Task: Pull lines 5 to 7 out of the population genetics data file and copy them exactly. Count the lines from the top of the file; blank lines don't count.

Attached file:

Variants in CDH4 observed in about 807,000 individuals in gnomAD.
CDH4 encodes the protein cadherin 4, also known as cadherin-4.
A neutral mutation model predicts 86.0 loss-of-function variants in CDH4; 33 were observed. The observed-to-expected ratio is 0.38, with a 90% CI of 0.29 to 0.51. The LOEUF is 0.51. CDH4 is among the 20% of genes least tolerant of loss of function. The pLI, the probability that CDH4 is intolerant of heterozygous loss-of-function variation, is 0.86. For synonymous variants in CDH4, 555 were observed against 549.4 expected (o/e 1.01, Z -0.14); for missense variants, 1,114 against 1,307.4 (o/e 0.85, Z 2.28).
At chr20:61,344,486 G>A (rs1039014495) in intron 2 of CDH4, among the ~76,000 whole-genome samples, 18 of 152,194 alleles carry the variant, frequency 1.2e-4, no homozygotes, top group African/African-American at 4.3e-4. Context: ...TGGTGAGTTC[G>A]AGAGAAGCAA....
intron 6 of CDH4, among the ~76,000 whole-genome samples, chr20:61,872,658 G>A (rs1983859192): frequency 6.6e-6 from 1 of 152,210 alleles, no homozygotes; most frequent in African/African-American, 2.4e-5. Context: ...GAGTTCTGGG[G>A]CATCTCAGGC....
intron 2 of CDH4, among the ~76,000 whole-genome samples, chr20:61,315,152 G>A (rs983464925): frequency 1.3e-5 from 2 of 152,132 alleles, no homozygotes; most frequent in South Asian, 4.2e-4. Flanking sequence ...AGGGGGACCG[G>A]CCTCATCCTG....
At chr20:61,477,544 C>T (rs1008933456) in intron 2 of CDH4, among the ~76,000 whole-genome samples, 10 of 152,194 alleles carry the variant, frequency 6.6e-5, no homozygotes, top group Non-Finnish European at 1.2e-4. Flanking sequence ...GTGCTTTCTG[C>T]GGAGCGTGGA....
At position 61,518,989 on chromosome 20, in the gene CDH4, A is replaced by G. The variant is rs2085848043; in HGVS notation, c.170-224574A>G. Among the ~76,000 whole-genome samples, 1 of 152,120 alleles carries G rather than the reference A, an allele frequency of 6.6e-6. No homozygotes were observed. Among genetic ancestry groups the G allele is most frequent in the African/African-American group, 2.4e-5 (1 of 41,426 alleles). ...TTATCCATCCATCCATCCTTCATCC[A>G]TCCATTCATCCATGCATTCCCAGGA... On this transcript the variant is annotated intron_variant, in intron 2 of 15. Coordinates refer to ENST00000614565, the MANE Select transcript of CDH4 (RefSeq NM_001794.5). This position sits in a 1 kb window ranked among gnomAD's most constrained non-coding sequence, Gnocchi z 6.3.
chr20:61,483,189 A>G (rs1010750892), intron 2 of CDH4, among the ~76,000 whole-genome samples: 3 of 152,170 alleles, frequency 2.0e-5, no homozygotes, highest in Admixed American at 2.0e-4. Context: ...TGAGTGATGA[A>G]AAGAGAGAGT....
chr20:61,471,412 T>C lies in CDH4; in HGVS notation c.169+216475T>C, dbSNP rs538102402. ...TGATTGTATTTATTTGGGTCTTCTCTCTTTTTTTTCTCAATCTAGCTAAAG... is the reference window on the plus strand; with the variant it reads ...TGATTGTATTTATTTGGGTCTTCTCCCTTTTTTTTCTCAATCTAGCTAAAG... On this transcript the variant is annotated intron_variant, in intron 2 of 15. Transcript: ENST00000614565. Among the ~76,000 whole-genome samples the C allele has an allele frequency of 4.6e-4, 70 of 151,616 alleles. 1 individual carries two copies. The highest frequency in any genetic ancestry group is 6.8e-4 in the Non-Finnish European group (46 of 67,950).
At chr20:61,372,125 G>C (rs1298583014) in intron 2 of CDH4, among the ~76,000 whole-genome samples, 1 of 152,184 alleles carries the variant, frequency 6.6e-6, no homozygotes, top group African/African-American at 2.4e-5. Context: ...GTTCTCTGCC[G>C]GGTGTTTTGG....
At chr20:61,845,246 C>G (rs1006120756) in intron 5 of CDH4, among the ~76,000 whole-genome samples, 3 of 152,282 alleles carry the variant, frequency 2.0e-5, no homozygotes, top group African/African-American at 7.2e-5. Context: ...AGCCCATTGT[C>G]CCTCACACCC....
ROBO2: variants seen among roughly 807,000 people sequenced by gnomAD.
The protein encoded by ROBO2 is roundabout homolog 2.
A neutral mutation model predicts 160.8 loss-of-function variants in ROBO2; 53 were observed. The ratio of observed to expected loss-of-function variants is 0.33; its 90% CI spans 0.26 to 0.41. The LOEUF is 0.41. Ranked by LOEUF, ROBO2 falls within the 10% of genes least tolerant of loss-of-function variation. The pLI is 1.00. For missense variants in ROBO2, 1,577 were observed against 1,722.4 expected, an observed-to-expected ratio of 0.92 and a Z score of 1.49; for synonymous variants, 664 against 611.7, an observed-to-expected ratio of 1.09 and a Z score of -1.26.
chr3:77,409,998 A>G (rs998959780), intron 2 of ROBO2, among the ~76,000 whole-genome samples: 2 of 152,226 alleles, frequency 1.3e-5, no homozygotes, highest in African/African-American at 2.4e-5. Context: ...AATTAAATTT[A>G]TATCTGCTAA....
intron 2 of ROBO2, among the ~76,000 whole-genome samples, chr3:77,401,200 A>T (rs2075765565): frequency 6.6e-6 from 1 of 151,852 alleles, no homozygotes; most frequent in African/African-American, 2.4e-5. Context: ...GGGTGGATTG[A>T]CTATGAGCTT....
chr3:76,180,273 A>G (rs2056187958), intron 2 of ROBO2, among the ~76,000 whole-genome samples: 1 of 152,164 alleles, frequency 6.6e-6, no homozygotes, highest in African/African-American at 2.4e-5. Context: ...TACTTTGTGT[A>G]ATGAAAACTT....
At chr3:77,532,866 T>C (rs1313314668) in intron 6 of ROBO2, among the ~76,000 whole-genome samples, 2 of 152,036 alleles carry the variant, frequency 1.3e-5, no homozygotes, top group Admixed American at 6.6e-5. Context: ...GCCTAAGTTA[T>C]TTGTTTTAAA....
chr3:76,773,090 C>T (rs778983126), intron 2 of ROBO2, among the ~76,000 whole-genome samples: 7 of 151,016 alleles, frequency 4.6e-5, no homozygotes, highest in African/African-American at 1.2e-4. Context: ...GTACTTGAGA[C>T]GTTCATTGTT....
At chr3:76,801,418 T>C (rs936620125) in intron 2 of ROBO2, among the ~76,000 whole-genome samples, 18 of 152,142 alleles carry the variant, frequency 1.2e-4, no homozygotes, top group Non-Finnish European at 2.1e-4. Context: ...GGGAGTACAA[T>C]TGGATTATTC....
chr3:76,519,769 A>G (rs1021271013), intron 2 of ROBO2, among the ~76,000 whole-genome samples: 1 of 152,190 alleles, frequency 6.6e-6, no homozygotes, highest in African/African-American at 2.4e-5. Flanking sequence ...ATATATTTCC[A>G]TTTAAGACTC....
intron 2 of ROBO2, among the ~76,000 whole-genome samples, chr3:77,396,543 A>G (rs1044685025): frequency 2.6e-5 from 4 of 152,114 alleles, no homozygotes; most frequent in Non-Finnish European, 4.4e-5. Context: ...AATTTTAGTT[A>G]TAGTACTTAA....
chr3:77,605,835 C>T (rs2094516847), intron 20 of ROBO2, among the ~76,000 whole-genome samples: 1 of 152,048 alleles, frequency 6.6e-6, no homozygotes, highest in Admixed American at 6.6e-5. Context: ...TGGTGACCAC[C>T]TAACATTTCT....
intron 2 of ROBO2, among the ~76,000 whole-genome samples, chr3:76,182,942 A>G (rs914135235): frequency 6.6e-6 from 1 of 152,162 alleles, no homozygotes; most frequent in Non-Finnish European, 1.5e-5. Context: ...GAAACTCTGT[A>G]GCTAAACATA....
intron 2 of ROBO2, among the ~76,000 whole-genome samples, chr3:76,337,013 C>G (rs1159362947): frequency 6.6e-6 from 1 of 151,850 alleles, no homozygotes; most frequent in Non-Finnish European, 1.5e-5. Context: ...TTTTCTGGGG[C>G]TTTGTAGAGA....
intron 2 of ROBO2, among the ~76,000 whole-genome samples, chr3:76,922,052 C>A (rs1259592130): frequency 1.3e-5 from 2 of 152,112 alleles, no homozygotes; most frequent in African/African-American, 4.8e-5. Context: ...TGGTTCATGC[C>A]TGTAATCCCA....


intron 6 of CDH4, among the ~76,000 whole-genome samples, chr20:61,872,658 G>A (rs1983859192): frequency 6.6e-6 from 1 of 152,210 alleles, no homozygotes; most frequent in African/African-American, 2.4e-5. Context: ...GAGTTCTGGG[G>A]CATCTCAGGC....
intron 2 of CDH4, among the ~76,000 whole-genome samples, chr20:61,315,152 G>A (rs983464925): frequency 1.3e-5 from 2 of 152,132 alleles, no homozygotes; most frequent in South Asian, 4.2e-4. Flanking sequence ...AGGGGGACCG[G>A]CCTCATCCTG....
At chr20:61,477,544 C>T (rs1008933456) in intron 2 of CDH4, among the ~76,000 whole-genome samples, 10 of 152,194 alleles carry the variant, frequency 6.6e-5, no homozygotes, top group Non-Finnish European at 1.2e-4. Flanking sequence ...GTGCTTTCTG[C>T]GGAGCGTGGA....